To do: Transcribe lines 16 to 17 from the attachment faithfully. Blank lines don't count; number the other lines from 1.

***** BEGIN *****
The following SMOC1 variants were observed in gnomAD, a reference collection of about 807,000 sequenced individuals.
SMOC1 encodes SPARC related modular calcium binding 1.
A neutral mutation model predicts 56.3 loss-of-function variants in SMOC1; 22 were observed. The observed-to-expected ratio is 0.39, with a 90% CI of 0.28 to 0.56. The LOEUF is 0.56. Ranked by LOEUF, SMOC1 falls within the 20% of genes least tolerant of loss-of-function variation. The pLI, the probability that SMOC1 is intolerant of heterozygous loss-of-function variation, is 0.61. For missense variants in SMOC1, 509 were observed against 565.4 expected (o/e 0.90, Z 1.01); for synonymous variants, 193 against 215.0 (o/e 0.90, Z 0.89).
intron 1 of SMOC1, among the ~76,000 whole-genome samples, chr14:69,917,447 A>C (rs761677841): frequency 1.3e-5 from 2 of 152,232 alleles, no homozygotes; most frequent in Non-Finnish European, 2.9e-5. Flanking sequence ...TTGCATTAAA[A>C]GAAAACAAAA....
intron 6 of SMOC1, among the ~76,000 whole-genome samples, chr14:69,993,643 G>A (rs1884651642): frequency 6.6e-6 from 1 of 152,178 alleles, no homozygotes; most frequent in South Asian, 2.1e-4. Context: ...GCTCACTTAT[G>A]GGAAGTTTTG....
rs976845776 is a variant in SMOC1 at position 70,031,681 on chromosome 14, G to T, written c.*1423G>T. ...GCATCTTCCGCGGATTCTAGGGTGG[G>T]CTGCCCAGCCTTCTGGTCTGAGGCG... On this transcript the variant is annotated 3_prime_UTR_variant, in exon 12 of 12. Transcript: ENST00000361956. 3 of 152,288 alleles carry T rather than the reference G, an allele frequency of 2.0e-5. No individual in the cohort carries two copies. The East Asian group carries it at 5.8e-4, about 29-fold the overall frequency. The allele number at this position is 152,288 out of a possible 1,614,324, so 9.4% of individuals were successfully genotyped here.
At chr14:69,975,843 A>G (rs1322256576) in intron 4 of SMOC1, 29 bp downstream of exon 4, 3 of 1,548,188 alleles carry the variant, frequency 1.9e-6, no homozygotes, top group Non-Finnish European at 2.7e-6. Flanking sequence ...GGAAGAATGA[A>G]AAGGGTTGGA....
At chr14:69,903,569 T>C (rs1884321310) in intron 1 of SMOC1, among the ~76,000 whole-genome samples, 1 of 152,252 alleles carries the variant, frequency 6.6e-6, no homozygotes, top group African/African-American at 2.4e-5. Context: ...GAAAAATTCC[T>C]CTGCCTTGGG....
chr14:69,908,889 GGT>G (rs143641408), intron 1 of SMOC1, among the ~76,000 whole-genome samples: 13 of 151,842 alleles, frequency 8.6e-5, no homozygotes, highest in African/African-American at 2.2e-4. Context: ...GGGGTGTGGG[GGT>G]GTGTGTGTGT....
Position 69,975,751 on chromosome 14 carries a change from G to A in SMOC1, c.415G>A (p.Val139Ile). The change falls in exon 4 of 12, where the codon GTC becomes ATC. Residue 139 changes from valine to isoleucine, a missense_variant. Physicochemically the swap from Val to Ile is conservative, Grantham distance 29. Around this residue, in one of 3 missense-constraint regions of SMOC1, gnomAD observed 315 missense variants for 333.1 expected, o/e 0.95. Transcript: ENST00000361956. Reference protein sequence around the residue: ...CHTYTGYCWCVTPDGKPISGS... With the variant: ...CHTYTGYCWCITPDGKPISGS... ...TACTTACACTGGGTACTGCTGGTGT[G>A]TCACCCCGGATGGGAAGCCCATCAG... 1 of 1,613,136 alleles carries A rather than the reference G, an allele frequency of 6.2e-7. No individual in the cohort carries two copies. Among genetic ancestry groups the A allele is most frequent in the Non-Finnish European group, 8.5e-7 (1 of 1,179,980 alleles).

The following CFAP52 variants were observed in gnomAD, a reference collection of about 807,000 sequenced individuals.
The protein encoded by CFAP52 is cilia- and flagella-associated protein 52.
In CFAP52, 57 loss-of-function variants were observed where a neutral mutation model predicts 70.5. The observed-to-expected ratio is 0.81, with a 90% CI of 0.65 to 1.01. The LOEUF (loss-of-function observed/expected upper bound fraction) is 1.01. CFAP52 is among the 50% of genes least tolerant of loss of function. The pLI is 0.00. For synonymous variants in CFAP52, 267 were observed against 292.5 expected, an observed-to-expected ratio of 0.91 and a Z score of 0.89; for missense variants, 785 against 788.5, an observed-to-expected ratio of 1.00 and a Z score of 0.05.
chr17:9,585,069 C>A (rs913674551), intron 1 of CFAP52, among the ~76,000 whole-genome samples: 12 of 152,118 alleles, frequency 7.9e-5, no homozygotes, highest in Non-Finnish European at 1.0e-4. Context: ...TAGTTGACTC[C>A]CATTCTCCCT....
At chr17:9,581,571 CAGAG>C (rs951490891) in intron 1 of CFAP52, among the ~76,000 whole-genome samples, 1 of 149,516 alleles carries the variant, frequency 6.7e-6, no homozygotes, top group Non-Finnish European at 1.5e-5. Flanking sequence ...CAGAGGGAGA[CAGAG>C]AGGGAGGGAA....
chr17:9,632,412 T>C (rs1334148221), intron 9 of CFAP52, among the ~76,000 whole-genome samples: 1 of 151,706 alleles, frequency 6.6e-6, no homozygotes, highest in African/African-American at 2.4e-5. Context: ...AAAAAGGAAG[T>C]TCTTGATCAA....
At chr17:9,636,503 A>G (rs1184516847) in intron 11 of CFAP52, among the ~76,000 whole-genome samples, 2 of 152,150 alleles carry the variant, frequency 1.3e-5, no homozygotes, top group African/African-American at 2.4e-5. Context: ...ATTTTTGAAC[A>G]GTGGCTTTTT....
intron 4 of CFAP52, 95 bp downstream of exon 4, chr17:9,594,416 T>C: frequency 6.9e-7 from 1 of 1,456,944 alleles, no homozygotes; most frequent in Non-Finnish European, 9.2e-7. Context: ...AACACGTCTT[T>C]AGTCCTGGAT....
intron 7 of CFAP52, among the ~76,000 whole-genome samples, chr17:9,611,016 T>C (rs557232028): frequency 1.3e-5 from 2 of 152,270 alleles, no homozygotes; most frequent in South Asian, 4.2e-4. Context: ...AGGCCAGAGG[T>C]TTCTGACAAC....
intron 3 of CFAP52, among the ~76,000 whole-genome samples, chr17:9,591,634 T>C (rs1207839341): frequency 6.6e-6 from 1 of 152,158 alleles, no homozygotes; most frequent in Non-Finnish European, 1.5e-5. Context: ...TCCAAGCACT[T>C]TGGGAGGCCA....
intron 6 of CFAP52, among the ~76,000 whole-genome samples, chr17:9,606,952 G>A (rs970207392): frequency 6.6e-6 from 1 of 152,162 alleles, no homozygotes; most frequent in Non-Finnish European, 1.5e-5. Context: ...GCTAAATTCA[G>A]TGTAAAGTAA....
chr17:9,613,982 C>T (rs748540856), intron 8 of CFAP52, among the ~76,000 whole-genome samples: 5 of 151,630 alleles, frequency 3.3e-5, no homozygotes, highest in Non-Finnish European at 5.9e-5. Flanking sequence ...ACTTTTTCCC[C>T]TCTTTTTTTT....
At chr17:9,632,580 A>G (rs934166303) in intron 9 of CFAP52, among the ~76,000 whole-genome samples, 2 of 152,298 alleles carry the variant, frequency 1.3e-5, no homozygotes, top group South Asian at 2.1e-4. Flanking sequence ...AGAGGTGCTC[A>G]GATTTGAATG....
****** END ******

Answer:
chr17:9,632,412 T>C (rs1334148221), intron 9 of CFAP52, among the ~76,000 whole-genome samples: 1 of 151,706 alleles, frequency 6.6e-6, no homozygotes, highest in African/African-American at 2.4e-5. Context: ...AAAAAGGAAG[T>C]TCTTGATCAA....
At chr17:9,636,503 A>G (rs1184516847) in intron 11 of CFAP52, among the ~76,000 whole-genome samples, 2 of 152,150 alleles carry the variant, frequency 1.3e-5, no homozygotes, top group African/African-American at 2.4e-5. Context: ...ATTTTTGAAC[A>G]GTGGCTTTTT....